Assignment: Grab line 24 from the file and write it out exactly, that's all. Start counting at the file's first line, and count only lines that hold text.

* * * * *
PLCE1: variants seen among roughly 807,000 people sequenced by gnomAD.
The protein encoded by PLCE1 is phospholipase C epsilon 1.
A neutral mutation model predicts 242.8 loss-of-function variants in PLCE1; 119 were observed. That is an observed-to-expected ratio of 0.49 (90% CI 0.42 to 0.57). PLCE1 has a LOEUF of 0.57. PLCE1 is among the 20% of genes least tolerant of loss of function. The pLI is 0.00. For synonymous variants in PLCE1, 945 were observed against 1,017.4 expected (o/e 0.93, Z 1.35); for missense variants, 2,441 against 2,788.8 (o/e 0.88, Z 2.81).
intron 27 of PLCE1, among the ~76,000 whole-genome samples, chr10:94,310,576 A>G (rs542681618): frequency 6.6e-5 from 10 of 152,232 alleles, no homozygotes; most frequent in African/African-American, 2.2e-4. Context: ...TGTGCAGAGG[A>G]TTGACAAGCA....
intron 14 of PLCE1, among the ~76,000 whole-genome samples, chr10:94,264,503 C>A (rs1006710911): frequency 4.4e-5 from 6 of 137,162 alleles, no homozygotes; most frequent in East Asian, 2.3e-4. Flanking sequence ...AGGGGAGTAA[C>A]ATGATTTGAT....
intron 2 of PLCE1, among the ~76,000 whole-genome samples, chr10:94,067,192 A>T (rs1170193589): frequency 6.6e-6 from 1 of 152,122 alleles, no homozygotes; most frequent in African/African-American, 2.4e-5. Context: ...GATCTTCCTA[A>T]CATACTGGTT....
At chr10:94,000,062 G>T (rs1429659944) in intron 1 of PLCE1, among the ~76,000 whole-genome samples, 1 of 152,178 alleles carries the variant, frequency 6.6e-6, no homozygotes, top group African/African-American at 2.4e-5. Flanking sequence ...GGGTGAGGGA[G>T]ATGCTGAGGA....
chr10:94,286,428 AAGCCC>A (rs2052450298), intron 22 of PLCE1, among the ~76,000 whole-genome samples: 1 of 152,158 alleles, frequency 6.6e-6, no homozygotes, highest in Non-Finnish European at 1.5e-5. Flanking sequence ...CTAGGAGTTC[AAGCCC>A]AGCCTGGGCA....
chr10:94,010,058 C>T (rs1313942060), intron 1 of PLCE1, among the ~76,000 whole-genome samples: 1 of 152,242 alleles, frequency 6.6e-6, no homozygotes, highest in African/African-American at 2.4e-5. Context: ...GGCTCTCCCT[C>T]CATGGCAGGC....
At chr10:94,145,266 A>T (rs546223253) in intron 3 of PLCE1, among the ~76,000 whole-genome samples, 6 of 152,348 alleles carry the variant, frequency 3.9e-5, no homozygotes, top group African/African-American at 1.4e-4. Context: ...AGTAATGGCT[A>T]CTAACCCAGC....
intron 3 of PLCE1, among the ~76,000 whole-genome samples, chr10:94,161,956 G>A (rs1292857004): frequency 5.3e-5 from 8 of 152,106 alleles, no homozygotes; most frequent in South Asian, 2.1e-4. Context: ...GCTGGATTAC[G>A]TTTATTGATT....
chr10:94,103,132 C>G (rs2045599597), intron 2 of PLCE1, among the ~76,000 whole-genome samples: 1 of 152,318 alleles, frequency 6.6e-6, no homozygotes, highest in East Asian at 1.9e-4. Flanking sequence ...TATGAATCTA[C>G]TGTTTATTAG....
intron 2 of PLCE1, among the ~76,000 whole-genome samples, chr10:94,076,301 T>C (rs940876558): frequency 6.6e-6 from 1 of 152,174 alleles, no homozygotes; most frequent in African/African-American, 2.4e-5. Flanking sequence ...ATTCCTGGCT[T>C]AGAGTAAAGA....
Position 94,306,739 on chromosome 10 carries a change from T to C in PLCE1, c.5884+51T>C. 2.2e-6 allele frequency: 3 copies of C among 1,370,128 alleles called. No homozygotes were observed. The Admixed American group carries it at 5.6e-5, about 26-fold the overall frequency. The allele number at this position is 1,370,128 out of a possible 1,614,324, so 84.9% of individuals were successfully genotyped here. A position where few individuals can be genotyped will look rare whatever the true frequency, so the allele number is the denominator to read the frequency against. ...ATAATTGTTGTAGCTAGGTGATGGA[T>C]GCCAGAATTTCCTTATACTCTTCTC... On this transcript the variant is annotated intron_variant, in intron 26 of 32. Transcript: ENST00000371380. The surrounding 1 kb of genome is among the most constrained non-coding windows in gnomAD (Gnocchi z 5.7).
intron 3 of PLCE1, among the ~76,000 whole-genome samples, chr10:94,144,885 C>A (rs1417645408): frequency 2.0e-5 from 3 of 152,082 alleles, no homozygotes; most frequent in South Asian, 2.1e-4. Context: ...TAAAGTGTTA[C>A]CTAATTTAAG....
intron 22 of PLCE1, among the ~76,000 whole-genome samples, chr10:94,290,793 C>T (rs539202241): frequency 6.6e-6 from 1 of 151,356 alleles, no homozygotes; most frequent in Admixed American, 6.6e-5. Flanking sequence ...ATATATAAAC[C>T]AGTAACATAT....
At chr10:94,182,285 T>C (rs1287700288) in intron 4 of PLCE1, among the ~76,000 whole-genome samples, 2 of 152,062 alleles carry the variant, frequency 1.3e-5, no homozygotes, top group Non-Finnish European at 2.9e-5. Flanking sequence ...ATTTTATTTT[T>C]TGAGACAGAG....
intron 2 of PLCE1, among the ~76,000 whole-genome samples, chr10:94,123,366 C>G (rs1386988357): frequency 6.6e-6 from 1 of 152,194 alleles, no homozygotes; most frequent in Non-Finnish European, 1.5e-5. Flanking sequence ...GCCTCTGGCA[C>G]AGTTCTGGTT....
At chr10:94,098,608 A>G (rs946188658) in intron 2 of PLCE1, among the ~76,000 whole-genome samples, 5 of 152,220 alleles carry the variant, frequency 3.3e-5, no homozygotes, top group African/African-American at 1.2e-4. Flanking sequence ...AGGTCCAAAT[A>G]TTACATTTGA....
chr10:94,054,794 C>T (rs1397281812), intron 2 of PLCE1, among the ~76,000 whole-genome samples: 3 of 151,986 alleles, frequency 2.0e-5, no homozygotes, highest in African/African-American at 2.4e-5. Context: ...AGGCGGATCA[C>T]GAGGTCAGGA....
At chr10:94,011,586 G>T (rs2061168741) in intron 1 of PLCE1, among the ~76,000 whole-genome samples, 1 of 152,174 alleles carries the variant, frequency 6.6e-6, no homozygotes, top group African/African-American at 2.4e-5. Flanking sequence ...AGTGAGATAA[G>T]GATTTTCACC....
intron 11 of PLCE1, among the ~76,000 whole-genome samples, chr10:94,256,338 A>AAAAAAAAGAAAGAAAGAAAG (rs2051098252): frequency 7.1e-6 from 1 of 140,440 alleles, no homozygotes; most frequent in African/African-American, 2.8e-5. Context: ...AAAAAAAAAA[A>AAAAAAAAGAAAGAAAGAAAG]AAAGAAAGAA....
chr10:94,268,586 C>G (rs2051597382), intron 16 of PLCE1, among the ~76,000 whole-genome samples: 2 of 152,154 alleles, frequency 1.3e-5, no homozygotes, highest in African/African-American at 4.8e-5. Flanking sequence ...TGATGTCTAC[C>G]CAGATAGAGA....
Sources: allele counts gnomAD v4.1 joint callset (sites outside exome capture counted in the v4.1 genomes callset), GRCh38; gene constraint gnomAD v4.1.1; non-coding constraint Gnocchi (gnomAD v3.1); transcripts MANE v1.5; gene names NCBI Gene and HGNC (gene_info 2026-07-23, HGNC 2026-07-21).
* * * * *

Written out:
Sources: allele counts gnomAD v4.1 joint callset (sites outside exome capture counted in the v4.1 genomes callset), GRCh38; gene constraint gnomAD v4.1.1; non-coding constraint Gnocchi (gnomAD v3.1); transcripts MANE v1.5; gene names NCBI Gene and HGNC (gene_info 2026-07-23, HGNC 2026-07-21).